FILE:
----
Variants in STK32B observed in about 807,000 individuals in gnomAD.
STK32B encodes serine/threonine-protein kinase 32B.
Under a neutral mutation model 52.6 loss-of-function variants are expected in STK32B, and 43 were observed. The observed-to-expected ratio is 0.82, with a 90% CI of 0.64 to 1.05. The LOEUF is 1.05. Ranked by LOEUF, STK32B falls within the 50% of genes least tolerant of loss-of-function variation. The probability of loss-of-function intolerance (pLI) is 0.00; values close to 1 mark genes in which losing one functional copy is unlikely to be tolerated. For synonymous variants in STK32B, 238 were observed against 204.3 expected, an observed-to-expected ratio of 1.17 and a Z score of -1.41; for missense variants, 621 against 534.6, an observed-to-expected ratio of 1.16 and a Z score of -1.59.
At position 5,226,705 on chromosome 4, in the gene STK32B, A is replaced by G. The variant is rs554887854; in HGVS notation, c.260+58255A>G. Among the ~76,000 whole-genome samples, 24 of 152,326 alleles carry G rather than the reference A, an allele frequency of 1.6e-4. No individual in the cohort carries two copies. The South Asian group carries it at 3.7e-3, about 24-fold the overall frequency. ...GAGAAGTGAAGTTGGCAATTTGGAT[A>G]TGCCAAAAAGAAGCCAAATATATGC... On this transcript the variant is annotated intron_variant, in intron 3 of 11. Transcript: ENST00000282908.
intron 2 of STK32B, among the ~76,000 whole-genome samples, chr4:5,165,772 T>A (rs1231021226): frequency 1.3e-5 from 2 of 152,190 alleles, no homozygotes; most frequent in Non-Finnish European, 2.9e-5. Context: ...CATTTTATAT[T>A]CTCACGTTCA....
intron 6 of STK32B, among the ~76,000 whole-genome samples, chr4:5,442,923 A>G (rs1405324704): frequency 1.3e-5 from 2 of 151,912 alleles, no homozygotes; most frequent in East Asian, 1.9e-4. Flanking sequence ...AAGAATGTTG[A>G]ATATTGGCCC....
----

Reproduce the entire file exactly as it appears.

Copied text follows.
Variants in STK32B observed in about 807,000 individuals in gnomAD.
STK32B encodes serine/threonine-protein kinase 32B.
Under a neutral mutation model 52.6 loss-of-function variants are expected in STK32B, and 43 were observed. The observed-to-expected ratio is 0.82, with a 90% CI of 0.64 to 1.05. The LOEUF is 1.05. Ranked by LOEUF, STK32B falls within the 50% of genes least tolerant of loss-of-function variation. The probability of loss-of-function intolerance (pLI) is 0.00; values close to 1 mark genes in which losing one functional copy is unlikely to be tolerated. For synonymous variants in STK32B, 238 were observed against 204.3 expected, an observed-to-expected ratio of 1.17 and a Z score of -1.41; for missense variants, 621 against 534.6, an observed-to-expected ratio of 1.16 and a Z score of -1.59.
At position 5,226,705 on chromosome 4, in the gene STK32B, A is replaced by G. The variant is rs554887854; in HGVS notation, c.260+58255A>G. Among the ~76,000 whole-genome samples, 24 of 152,326 alleles carry G rather than the reference A, an allele frequency of 1.6e-4. No individual in the cohort carries two copies. The South Asian group carries it at 3.7e-3, about 24-fold the overall frequency. ...GAGAAGTGAAGTTGGCAATTTGGAT[A>G]TGCCAAAAAGAAGCCAAATATATGC... On this transcript the variant is annotated intron_variant, in intron 3 of 11. Transcript: ENST00000282908.
intron 2 of STK32B, among the ~76,000 whole-genome samples, chr4:5,165,772 T>A (rs1231021226): frequency 1.3e-5 from 2 of 152,190 alleles, no homozygotes; most frequent in Non-Finnish European, 2.9e-5. Context: ...CATTTTATAT[T>A]CTCACGTTCA....
intron 6 of STK32B, among the ~76,000 whole-genome samples, chr4:5,442,923 A>G (rs1405324704): frequency 1.3e-5 from 2 of 151,912 alleles, no homozygotes; most frequent in East Asian, 1.9e-4. Flanking sequence ...AAGAATGTTG[A>G]ATATTGGCCC....